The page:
Tags: kim jong un | north korea | missiles | china | japan

Little Rocket Man and His 'Made in China' Missiles

Little Rocket Man and His 'Made in China' Missiles
This undated picture released from North Korea's official Korean Central News Agency (KCNA) on December 6, 2017, shows North Korean leader Kim Jong-Un (C) inspecting the newly-built Samjiyon potato farina production factory in Ryanggang Province, North Korea. (STR/AFP/Getty Images)

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Friday, 08 December 2017 02:20 PM Current | Bio | Archive

It is a strange study in contrasts.

In the dead of night, a ballistic missile lifts off from a secret launch pad in North Korea, overflies the Sea of Japan, and lands in Japanese waters.

It is a hi-tech feat of weaponry intended to terrorize North Korea’s near neighbors, and send shock waves of fear all the way across the Pacific to the United States. It succeeds in doing both.

A couple of days before, however, a very different scenario unfolds. A desperate defector attempts to flee Kim Jong-un’s socialist paradise. Shot five times by his one-time “comrades” in the North Korean army, he nevertheless manages to crawl across the DMZ to freedom.

Even without the wounds, this example of North Korean soldiery was in miserable physical condition. The doctors found that he was badly anemic and suffering from hepatitis B. But the real shocker comes when they address the gunshot wound to his abdomen. They find that his intestines were crawling with foot-long parasitical worms.

If one of Little Rocket Man’s prize border guards was in such bad physical shape, what does this say about the rest of his million-man army? Perhaps his much-touted war machine is not all that combat ready after all?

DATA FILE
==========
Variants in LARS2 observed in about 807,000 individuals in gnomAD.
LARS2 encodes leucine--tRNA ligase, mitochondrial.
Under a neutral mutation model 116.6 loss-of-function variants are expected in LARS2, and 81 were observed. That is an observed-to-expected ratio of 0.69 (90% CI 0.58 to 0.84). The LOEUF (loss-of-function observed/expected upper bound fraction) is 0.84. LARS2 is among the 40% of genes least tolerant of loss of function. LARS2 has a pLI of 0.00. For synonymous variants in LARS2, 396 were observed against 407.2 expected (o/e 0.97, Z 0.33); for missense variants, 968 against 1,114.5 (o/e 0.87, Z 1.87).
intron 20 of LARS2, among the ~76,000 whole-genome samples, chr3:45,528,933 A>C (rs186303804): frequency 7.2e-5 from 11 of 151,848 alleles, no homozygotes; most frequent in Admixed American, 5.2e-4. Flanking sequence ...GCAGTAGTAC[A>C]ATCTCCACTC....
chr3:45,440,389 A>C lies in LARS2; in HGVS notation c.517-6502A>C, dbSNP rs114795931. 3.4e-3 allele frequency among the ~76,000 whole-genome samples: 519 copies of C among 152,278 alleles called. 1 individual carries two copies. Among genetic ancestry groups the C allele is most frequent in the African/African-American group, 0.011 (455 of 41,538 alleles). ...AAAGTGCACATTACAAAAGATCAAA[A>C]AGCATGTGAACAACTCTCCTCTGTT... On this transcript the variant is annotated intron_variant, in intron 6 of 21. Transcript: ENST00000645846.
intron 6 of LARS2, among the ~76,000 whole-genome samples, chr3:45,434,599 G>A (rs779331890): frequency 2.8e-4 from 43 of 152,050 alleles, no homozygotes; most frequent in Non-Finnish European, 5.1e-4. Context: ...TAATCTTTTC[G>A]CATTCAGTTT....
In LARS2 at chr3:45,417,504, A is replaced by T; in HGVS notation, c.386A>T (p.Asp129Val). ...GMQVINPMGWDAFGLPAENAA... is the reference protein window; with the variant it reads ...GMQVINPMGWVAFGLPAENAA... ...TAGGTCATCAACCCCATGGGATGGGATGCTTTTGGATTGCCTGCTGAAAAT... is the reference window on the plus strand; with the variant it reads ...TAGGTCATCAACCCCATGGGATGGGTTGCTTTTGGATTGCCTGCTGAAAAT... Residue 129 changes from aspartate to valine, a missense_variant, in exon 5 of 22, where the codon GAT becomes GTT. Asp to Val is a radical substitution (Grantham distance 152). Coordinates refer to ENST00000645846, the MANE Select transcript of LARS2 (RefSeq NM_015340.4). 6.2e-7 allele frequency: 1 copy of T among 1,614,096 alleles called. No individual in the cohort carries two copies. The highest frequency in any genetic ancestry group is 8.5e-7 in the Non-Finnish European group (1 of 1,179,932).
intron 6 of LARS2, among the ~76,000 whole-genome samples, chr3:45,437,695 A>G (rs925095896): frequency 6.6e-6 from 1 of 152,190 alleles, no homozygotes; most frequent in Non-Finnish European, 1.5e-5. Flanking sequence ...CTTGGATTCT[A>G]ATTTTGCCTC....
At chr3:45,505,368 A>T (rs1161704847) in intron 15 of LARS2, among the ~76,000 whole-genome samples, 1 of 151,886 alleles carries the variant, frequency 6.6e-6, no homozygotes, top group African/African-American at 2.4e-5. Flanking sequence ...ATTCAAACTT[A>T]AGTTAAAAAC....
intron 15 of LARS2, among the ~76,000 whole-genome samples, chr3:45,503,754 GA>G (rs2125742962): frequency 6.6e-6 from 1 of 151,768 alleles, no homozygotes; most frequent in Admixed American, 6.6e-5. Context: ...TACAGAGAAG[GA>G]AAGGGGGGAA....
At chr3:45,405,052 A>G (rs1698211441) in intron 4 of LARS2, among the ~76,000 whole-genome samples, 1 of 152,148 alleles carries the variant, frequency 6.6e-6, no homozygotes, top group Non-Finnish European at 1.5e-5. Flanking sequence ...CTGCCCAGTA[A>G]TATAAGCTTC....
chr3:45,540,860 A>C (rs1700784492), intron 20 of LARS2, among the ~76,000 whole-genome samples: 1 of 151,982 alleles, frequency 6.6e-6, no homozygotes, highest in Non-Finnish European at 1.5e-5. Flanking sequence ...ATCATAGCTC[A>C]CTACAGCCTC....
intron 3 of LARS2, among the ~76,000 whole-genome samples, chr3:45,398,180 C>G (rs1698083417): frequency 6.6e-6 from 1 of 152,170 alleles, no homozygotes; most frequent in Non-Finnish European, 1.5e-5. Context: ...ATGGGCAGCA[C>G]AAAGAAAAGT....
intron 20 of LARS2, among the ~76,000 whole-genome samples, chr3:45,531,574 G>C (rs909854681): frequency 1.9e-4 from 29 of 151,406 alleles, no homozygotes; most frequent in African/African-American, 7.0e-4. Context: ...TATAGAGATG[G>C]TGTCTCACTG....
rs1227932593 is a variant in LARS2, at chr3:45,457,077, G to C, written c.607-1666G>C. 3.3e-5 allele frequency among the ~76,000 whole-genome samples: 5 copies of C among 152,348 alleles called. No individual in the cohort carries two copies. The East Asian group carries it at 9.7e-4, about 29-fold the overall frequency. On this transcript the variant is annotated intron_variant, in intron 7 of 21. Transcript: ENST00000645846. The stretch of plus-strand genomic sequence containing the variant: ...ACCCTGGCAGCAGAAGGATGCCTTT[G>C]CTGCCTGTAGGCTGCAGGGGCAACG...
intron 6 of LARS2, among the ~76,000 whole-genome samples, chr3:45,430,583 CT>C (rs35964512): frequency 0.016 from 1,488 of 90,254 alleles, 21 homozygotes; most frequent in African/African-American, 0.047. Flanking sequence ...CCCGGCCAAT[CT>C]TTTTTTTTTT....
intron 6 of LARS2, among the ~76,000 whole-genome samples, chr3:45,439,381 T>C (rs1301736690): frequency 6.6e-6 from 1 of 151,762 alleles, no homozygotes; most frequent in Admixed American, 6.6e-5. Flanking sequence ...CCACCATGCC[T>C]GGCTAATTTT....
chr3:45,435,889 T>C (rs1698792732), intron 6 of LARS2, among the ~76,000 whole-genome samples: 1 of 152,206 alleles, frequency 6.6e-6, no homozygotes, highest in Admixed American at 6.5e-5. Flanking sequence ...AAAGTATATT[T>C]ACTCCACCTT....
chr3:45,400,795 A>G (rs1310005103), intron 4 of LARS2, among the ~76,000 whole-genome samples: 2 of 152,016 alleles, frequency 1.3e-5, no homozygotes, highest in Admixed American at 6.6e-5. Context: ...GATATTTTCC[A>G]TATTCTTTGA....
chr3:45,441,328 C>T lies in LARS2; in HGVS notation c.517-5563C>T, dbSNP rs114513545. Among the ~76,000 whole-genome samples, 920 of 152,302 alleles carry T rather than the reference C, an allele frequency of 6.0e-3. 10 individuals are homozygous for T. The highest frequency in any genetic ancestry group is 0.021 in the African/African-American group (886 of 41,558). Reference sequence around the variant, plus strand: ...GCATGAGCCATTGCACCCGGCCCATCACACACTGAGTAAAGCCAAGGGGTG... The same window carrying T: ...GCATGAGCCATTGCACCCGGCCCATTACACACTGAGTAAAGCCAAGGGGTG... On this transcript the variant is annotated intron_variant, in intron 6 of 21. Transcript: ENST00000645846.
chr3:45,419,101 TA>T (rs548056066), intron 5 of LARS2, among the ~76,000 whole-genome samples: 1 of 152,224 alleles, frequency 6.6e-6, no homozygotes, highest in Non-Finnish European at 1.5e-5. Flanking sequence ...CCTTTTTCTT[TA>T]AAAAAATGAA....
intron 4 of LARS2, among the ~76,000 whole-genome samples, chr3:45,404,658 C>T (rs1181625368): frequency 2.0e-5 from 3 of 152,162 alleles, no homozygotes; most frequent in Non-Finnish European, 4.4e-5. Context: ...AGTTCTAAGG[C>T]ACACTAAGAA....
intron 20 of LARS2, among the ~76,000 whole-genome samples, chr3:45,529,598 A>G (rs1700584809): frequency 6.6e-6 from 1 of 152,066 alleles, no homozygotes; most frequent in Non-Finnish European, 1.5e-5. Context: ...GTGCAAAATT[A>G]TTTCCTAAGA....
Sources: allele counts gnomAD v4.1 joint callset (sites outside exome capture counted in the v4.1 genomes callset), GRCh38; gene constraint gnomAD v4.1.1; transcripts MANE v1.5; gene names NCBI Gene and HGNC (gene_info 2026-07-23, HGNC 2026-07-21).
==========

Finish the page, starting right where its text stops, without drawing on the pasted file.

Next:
Still there is that little business about his launch of an ICBM capable of reaching American shores.

Which raises the question: How did a country so impoverished that its soldiers are sick and hungry manage to build nuclear weapons and deploy ballistic missiles?

Especially given that it simply doesn’t have, within its borders, the sophisticated technical and manufacturing know-how, needed to build such weapons. So where did they come from?

In a word: China.

Beijing describes its relationship with Pyongyang as “As close as lips and teeth.” “If the lips are gone, the teeth will get cold,” Chairman Mao famously said, highlighting North Korea’s role as a buffer state.

China has propped up Pyongyang from the beginning, even going so far as to sign a mutual defense treaty with the pariah nation. And it continues to provide nearly all the component parts that Little Rocket Man needs to build and launch his missiles.

How do we know this?

Because for the last few years the Japanese navy has sortied out whenever a North Korean missile took flight, searching for parts and pieces of the missiles that have splashed down in the Sea of Japan.

As more and more pieces have been recovered and analyzed, one thing has become increasingly obvious. Virtually everything that went into the missiles, from the electronic circuits and sensors, to the fuel tanks and valves, was “Made in China.”

Little Rocket Man missiles should say: “Assembled in North Korea from Chinese Components.”

Steven W. Mosher is one of America's leading experts on China. In 1979 he became the first American social scientist allowed to do research in the PRC, where he documented the massive human rights abuses of the Mao years, and personally witnessed the forcible abortion and sterilization of women under the newly announced "one-child policy." In the years since, he has written or edited a dozen books on China, including best sellers "A Mother's Ordeal" and "China Attacks" (with Chuck Devore). He helped to set up Radio Free China, and has testified before Congress on U.S.-China policy on numerous occasions. His latest book is called the "Bully of Asia: Why China's Dream is the New Threat to World Order." In a world bristling with dangers, only one enemy poses a truly mortal challenge to the United States and the peaceful and prosperous world that America guarantees. That enemy is China. To read more of his reports — Click Here Now.

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In the dead of night, a ballistic missile lifts off from a secret launch pad in North Korea, overflies the Sea of Japan, and lands in Japanese waters.
kim jong un, north korea, missiles, china, japan
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2017-20-08
Friday, 08 December 2017 02:20 PM
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